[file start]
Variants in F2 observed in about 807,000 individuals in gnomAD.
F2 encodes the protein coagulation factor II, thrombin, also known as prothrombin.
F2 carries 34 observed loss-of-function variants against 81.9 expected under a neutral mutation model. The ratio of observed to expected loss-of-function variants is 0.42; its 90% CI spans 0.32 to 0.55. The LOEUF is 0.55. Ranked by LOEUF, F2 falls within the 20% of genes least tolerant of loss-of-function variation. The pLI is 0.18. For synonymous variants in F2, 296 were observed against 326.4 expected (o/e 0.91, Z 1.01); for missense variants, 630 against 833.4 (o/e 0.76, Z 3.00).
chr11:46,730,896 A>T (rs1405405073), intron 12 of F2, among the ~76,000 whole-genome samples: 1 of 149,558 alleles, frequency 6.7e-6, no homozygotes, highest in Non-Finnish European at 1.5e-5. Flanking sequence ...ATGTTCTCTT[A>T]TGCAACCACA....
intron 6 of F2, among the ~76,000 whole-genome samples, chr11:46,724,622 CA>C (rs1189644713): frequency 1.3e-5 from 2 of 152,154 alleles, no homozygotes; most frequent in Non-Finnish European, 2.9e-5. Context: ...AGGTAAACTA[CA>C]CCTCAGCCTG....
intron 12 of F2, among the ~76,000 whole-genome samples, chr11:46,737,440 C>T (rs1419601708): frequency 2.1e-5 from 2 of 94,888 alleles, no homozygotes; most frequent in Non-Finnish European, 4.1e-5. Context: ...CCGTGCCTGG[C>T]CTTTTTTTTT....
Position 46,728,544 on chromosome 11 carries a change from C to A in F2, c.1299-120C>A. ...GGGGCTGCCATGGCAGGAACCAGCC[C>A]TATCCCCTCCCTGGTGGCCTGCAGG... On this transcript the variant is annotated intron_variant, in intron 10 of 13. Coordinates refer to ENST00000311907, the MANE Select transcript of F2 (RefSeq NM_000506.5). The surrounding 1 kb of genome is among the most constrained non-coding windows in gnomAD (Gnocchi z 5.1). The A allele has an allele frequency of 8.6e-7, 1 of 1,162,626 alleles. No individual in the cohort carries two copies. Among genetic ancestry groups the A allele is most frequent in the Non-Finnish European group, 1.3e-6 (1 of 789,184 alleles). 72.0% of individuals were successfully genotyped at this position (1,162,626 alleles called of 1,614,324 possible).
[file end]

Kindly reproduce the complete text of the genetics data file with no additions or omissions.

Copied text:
Variants in F2 observed in about 807,000 individuals in gnomAD.
F2 encodes the protein coagulation factor II, thrombin, also known as prothrombin.
F2 carries 34 observed loss-of-function variants against 81.9 expected under a neutral mutation model. The ratio of observed to expected loss-of-function variants is 0.42; its 90% CI spans 0.32 to 0.55. The LOEUF is 0.55. Ranked by LOEUF, F2 falls within the 20% of genes least tolerant of loss-of-function variation. The pLI is 0.18. For synonymous variants in F2, 296 were observed against 326.4 expected (o/e 0.91, Z 1.01); for missense variants, 630 against 833.4 (o/e 0.76, Z 3.00).
chr11:46,730,896 A>T (rs1405405073), intron 12 of F2, among the ~76,000 whole-genome samples: 1 of 149,558 alleles, frequency 6.7e-6, no homozygotes, highest in Non-Finnish European at 1.5e-5. Flanking sequence ...ATGTTCTCTT[A>T]TGCAACCACA....
intron 6 of F2, among the ~76,000 whole-genome samples, chr11:46,724,622 CA>C (rs1189644713): frequency 1.3e-5 from 2 of 152,154 alleles, no homozygotes; most frequent in Non-Finnish European, 2.9e-5. Context: ...AGGTAAACTA[CA>C]CCTCAGCCTG....
intron 12 of F2, among the ~76,000 whole-genome samples, chr11:46,737,440 C>T (rs1419601708): frequency 2.1e-5 from 2 of 94,888 alleles, no homozygotes; most frequent in Non-Finnish European, 4.1e-5. Context: ...CCGTGCCTGG[C>T]CTTTTTTTTT....
Position 46,728,544 on chromosome 11 carries a change from C to A in F2, c.1299-120C>A. ...GGGGCTGCCATGGCAGGAACCAGCC[C>A]TATCCCCTCCCTGGTGGCCTGCAGG... On this transcript the variant is annotated intron_variant, in intron 10 of 13. Coordinates refer to ENST00000311907, the MANE Select transcript of F2 (RefSeq NM_000506.5). The surrounding 1 kb of genome is among the most constrained non-coding windows in gnomAD (Gnocchi z 5.1). The A allele has an allele frequency of 8.6e-7, 1 of 1,162,626 alleles. No individual in the cohort carries two copies. Among genetic ancestry groups the A allele is most frequent in the Non-Finnish European group, 1.3e-6 (1 of 789,184 alleles). 72.0% of individuals were successfully genotyped at this position (1,162,626 alleles called of 1,614,324 possible).